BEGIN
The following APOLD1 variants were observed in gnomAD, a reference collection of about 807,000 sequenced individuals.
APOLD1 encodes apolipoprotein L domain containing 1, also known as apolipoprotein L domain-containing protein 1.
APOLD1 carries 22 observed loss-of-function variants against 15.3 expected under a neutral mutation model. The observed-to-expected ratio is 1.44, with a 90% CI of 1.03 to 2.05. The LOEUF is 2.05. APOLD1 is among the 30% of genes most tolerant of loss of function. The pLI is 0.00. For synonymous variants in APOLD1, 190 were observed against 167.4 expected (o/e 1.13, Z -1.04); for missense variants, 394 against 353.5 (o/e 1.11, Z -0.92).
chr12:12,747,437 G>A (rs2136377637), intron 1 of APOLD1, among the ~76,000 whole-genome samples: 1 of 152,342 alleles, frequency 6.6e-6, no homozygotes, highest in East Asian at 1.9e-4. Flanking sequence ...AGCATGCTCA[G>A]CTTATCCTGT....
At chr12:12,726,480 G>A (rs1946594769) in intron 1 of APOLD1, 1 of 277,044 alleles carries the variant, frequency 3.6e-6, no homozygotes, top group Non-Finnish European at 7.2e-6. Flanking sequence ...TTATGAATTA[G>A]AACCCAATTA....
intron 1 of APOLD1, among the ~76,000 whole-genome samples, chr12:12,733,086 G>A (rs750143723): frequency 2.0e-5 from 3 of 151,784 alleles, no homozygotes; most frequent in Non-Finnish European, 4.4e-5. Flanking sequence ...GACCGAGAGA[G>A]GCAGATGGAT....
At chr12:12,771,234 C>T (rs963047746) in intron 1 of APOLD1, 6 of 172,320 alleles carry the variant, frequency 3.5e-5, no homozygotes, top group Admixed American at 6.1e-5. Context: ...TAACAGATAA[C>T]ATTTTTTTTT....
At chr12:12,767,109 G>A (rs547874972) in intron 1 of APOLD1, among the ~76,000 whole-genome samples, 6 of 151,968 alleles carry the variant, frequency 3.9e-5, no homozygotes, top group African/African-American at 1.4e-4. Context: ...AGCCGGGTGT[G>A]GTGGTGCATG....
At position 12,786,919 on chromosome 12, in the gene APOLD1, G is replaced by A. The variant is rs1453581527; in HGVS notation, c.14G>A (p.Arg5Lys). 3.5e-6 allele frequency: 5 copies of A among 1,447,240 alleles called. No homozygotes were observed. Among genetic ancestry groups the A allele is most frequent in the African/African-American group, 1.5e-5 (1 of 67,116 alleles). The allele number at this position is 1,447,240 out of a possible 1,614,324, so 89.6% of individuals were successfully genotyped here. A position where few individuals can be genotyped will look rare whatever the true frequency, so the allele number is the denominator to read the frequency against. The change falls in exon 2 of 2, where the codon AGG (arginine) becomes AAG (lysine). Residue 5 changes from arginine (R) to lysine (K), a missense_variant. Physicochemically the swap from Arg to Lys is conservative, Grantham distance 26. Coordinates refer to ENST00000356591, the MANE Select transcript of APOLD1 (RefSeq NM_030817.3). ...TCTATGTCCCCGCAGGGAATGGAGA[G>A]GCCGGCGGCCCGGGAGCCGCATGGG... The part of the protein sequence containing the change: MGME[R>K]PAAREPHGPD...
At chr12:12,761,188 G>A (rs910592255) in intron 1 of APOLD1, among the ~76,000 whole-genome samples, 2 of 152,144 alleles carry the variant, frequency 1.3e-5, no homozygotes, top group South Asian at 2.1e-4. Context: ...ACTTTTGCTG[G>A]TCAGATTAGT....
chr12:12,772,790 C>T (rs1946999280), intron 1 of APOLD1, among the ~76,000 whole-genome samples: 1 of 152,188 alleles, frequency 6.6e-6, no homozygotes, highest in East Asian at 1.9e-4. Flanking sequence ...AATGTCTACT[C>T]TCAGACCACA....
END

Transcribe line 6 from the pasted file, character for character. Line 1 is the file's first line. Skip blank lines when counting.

intron 1 of APOLD1, among the ~76,000 whole-genome samples, chr12:12,733,086 G>A (rs750143723): frequency 2.0e-5 from 3 of 151,784 alleles, no homozygotes; most frequent in Non-Finnish European, 4.4e-5. Flanking sequence ...GACCGAGAGA[G>A]GCAGATGGAT....